The Godzilla franchise is nearly 70 years old, with 37 different installments. But, thankfully, there comes a movie like Godzilla Minus One that keeps the franchise fresh, making its future exciting. Godzilla Minus One was written and directed by Takashi Yamazaki (Always: Sunset on Third Street, Parasyte). It is set in post-war Japan and follows a kamikaze pilot named Kōichi Shikishima, played by Ryunosuke Kamiki (Your Name, Summer Wars). The film also stars Minami Hamabe (Shin Kamen Rider, Let Me Eat Your Pancreas) as Noriko Ōishi and Hidetaka Yoshioka (Always: Sunset on Third Street, Rhapsody in August) as Kenji Noda.
The pic begins with Kōichi flying to Odo Island at the end of the war, claiming that his plane was experiencing issues. A hub for mechanics, they soon discover that nothing is wrong with his plane and that he left his post out of fear. Soon after, the island is attacked by the legendary Godzilla, and all are killed except for Kōichi and one of the mechanics, Sōsaku Tachibana (Munetaka Aoki). He had an opportunity to fire at Godzilla with the gun mounted on his plane, but he chose not to.
Spectacle With Substance
There are so many moments of humanity in Godzilla Minus One. We don’t sit through any boring subplots with the humans while we give Godzilla a few minutes to catch up. Instead, we see Kōichi come back to a ruined home with no friends and family, only to find one of his own. He meets Noriko, who has an orphaned baby. The child’s parents were assumingly killed in the air raids, but Noriko’s trying her best to keep it healthy and sheltered. So, Kōichi, Noriko, and the baby become a makeshift family, with the help of his neighbor Sumiko (Sakura Ando).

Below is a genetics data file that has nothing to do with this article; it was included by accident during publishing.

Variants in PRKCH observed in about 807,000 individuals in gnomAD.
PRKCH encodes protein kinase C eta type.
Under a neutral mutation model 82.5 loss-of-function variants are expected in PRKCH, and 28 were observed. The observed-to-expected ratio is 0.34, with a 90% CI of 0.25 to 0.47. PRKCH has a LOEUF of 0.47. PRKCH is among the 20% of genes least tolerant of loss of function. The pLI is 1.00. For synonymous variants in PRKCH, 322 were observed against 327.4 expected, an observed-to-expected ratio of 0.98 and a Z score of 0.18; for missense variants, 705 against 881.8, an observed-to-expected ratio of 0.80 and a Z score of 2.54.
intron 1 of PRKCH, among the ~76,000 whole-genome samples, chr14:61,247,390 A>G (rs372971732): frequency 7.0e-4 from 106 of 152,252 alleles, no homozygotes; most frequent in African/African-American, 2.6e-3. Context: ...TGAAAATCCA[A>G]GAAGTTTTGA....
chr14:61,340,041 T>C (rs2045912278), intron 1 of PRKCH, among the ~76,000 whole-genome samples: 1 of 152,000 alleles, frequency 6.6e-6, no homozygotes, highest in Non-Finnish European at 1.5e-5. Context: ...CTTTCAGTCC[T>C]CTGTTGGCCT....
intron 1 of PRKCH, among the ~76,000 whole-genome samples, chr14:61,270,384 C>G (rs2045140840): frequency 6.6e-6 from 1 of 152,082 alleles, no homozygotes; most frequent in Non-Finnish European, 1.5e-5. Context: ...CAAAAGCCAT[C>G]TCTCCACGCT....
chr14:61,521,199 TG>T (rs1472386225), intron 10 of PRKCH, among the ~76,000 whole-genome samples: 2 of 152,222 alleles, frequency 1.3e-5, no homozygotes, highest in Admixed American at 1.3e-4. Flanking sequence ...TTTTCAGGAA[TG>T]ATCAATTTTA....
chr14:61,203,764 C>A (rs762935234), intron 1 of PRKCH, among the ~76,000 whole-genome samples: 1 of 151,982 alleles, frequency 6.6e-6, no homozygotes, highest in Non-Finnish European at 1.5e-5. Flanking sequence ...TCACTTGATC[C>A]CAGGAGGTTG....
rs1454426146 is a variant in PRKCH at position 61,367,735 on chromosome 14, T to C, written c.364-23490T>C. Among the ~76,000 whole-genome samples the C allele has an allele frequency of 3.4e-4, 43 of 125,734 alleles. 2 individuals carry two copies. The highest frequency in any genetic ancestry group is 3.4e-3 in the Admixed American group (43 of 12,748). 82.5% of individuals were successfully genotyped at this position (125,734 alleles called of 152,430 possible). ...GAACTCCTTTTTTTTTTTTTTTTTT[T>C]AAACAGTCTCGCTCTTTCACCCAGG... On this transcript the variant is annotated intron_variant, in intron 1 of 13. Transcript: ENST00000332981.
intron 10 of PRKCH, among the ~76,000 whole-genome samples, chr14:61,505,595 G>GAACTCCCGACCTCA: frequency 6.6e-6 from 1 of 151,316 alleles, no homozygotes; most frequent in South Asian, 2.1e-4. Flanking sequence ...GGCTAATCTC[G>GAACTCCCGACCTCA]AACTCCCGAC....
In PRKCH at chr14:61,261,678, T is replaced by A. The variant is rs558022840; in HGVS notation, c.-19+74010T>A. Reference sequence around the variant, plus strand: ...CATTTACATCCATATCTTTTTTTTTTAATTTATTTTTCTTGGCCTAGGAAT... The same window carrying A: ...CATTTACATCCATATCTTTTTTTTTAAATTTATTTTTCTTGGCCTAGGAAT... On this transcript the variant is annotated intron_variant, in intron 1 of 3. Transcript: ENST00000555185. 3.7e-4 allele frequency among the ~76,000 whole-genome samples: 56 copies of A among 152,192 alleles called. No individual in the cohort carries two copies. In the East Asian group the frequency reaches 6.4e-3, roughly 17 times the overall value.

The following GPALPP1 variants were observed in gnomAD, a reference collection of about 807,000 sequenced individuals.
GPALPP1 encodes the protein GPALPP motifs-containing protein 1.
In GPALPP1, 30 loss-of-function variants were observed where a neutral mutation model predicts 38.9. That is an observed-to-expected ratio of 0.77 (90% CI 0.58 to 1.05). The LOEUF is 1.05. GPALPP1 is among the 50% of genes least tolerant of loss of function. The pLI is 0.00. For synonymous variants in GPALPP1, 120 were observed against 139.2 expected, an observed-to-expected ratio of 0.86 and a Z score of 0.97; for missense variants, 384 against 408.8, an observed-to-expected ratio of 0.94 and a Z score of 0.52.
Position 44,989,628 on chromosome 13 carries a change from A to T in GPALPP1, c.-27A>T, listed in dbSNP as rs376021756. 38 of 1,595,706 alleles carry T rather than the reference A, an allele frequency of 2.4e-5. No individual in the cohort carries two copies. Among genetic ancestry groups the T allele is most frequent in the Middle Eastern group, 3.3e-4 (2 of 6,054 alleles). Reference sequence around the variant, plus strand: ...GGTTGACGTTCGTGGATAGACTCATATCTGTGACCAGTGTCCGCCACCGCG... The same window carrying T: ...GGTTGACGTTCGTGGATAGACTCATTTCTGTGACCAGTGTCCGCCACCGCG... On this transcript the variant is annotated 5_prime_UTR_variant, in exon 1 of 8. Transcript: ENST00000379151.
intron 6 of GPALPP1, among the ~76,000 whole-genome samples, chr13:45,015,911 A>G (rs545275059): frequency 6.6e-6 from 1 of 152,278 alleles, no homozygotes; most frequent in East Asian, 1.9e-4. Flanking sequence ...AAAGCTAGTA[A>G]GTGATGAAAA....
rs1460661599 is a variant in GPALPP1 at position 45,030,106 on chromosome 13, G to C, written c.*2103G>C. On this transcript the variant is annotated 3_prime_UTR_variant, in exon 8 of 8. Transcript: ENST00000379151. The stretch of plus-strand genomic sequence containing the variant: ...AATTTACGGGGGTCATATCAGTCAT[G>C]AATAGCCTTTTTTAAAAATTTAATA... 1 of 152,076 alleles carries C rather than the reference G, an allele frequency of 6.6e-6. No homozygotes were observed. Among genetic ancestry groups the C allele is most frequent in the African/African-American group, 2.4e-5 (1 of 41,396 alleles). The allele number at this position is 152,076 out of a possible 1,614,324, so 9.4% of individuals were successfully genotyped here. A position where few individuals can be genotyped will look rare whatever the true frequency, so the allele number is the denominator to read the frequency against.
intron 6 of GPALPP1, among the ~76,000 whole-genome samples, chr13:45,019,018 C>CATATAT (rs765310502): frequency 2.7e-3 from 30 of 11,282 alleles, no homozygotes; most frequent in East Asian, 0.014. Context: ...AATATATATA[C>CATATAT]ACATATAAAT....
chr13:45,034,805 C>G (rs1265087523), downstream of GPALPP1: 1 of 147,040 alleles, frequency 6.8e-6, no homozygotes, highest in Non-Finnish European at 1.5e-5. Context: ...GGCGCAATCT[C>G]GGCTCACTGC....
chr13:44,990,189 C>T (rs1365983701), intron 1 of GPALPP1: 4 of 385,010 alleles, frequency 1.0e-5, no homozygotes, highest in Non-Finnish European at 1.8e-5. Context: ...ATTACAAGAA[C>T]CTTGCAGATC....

But, for a large part of the film, Kōichi is reserved toward both Noriko and the child. His survivor’s guilt plagues him to the point where he doesn’t want to attach himself to his newfound family. After a while, he gets a job as a gunner on a boat designed to destroy leftover mines from the war. The crew members Shirō (Yuki Yamada), Yōji (Kuranosuke Sasaki), and Kenji bring in a much-needed levity to break up the bleakness of the first act.
At its core, Minus One is a Godzilla movie, not a movie about Godzilla. The creature is not treated like a character, but rather as a force of nature that destroys everything in its path. This is how the film moves away from being an action-packed blockbuster, even though it does have some expressively explosive moments. Instead, it’s a story about a pilot’s survivor’s guilt, and Japan building itself back up after World War II. The horror comes in when Godzilla decimates the city, revitalizing the feelings of dread that the citizens felt after the air raids.
Godzilla Looks Better Than Ever
Godzilla Minus One is gorgeous. The visual effects for Godzilla and whatever destruction it causes are impeccable. Without spoiling the specifics, there are some underwater shots of the king of the monsters that are brilliant as well, perfectly capturing what’s happening to Godzilla at that time. With that being said, the design of Godzilla makes it look a little goofy. It’s only evident in the wide shots, whenever its face is in the shot. This isn’t a negative or a positive, it doesn’t really detract or add anything to the movie, it can just be a little amusing.
All the performances are solid, which is why the humanity of the movie plays as well as it does. The story of the movie is interesting, and the pacing is good, but not great. There are large parts of the movie where Godzilla is not featured, and while Minus One does a great job trying to sustain the audience’s attention, there are some scenes toward the end that make the 125-minute runtime feel a little bloated. But, it does have a near-perfect ending, that not only directly sets up a sequel, but also ends the movie on a note of satisfaction.
The sound design and score are both incredible, with the score intensifying Godzilla’s destruction. The effects and sound design come together to create some brilliant sequences involving Godzilla’s atomic breath. This is without a doubt, one of the best Godzilla movies ever made, honoring how terrifying the creature should be. Any Godzilla fan or Kaiju fan should go see this movie on the biggest screen possible. If you’re not a fan of Godzilla movies, you should still see this in theaters on December 1, 2023, because it might turn you into one.